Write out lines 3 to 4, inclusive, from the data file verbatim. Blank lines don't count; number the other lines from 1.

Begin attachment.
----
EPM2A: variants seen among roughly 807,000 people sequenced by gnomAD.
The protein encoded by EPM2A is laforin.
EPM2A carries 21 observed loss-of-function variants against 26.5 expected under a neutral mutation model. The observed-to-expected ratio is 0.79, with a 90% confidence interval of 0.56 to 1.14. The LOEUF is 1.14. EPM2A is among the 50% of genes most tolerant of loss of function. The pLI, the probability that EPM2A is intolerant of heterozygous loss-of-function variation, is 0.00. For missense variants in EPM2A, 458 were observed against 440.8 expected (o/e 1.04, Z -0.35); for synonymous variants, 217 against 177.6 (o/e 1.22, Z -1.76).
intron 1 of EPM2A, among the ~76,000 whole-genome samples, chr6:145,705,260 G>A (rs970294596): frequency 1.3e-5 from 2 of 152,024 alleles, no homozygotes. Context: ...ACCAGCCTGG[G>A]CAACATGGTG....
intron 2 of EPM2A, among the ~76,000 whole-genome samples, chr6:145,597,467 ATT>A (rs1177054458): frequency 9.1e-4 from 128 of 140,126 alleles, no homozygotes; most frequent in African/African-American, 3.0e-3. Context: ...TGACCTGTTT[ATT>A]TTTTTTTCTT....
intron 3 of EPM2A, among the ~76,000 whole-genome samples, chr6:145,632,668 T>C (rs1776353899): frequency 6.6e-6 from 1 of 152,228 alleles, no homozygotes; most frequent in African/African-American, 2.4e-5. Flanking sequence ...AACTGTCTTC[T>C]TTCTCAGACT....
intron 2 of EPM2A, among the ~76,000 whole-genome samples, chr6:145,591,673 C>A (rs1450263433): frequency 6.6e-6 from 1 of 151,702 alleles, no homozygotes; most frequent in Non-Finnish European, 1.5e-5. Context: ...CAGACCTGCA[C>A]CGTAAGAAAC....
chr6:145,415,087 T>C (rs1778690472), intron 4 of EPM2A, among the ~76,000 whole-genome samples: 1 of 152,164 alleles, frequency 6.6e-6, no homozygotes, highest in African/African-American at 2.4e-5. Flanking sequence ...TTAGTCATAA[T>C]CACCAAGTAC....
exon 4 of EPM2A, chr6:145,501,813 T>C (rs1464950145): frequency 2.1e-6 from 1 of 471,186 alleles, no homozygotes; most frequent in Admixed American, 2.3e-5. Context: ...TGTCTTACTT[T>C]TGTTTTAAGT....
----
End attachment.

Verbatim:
EPM2A carries 21 observed loss-of-function variants against 26.5 expected under a neutral mutation model. The observed-to-expected ratio is 0.79, with a 90% confidence interval of 0.56 to 1.14. The LOEUF is 1.14. EPM2A is among the 50% of genes most tolerant of loss of function. The pLI, the probability that EPM2A is intolerant of heterozygous loss-of-function variation, is 0.00. For missense variants in EPM2A, 458 were observed against 440.8 expected (o/e 1.04, Z -0.35); for synonymous variants, 217 against 177.6 (o/e 1.22, Z -1.76).
intron 1 of EPM2A, among the ~76,000 whole-genome samples, chr6:145,705,260 G>A (rs970294596): frequency 1.3e-5 from 2 of 152,024 alleles, no homozygotes. Context: ...ACCAGCCTGG[G>A]CAACATGGTG....